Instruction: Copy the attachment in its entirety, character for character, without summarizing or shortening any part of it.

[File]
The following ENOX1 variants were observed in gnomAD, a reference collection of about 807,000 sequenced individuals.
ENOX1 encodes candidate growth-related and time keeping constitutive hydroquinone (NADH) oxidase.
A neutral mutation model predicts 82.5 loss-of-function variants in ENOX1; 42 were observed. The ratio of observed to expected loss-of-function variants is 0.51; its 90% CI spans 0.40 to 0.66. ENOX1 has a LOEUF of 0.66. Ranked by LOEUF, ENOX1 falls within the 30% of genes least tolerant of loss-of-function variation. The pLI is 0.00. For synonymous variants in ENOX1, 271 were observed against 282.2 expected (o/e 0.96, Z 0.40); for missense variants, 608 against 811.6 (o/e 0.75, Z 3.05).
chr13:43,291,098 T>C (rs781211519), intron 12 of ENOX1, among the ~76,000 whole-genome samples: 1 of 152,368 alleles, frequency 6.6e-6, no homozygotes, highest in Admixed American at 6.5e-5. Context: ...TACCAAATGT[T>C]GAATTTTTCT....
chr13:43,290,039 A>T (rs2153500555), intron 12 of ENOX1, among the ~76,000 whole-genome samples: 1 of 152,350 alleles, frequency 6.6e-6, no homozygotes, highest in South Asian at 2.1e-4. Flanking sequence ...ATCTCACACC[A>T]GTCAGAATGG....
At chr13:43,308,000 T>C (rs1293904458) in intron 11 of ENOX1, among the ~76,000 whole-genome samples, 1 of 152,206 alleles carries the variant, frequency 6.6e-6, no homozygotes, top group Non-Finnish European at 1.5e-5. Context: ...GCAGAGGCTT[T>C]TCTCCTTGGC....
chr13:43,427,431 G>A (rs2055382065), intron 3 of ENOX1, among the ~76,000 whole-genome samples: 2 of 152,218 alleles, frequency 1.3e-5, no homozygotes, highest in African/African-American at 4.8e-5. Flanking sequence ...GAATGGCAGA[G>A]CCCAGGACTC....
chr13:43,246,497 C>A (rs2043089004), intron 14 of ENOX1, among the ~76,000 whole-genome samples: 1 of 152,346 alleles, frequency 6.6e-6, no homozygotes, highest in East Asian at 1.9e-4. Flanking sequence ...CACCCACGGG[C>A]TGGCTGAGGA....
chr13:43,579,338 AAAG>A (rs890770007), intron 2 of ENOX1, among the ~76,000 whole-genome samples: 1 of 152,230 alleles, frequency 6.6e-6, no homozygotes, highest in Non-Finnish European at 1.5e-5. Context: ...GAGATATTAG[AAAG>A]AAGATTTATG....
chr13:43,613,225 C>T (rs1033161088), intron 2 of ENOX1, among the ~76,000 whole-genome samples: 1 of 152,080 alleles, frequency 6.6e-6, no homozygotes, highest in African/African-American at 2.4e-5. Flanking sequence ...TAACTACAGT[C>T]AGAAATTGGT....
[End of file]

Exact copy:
The following ENOX1 variants were observed in gnomAD, a reference collection of about 807,000 sequenced individuals.
ENOX1 encodes candidate growth-related and time keeping constitutive hydroquinone (NADH) oxidase.
A neutral mutation model predicts 82.5 loss-of-function variants in ENOX1; 42 were observed. The ratio of observed to expected loss-of-function variants is 0.51; its 90% CI spans 0.40 to 0.66. ENOX1 has a LOEUF of 0.66. Ranked by LOEUF, ENOX1 falls within the 30% of genes least tolerant of loss-of-function variation. The pLI is 0.00. For synonymous variants in ENOX1, 271 were observed against 282.2 expected (o/e 0.96, Z 0.40); for missense variants, 608 against 811.6 (o/e 0.75, Z 3.05).
chr13:43,291,098 T>C (rs781211519), intron 12 of ENOX1, among the ~76,000 whole-genome samples: 1 of 152,368 alleles, frequency 6.6e-6, no homozygotes, highest in Admixed American at 6.5e-5. Context: ...TACCAAATGT[T>C]GAATTTTTCT....
chr13:43,290,039 A>T (rs2153500555), intron 12 of ENOX1, among the ~76,000 whole-genome samples: 1 of 152,350 alleles, frequency 6.6e-6, no homozygotes, highest in South Asian at 2.1e-4. Flanking sequence ...ATCTCACACC[A>T]GTCAGAATGG....
At chr13:43,308,000 T>C (rs1293904458) in intron 11 of ENOX1, among the ~76,000 whole-genome samples, 1 of 152,206 alleles carries the variant, frequency 6.6e-6, no homozygotes, top group Non-Finnish European at 1.5e-5. Context: ...GCAGAGGCTT[T>C]TCTCCTTGGC....
chr13:43,427,431 G>A (rs2055382065), intron 3 of ENOX1, among the ~76,000 whole-genome samples: 2 of 152,218 alleles, frequency 1.3e-5, no homozygotes, highest in African/African-American at 4.8e-5. Flanking sequence ...GAATGGCAGA[G>A]CCCAGGACTC....
chr13:43,246,497 C>A (rs2043089004), intron 14 of ENOX1, among the ~76,000 whole-genome samples: 1 of 152,346 alleles, frequency 6.6e-6, no homozygotes, highest in East Asian at 1.9e-4. Flanking sequence ...CACCCACGGG[C>A]TGGCTGAGGA....
chr13:43,579,338 AAAG>A (rs890770007), intron 2 of ENOX1, among the ~76,000 whole-genome samples: 1 of 152,230 alleles, frequency 6.6e-6, no homozygotes, highest in Non-Finnish European at 1.5e-5. Context: ...GAGATATTAG[AAAG>A]AAGATTTATG....
chr13:43,613,225 C>T (rs1033161088), intron 2 of ENOX1, among the ~76,000 whole-genome samples: 1 of 152,080 alleles, frequency 6.6e-6, no homozygotes, highest in African/African-American at 2.4e-5. Flanking sequence ...TAACTACAGT[C>T]AGAAATTGGT....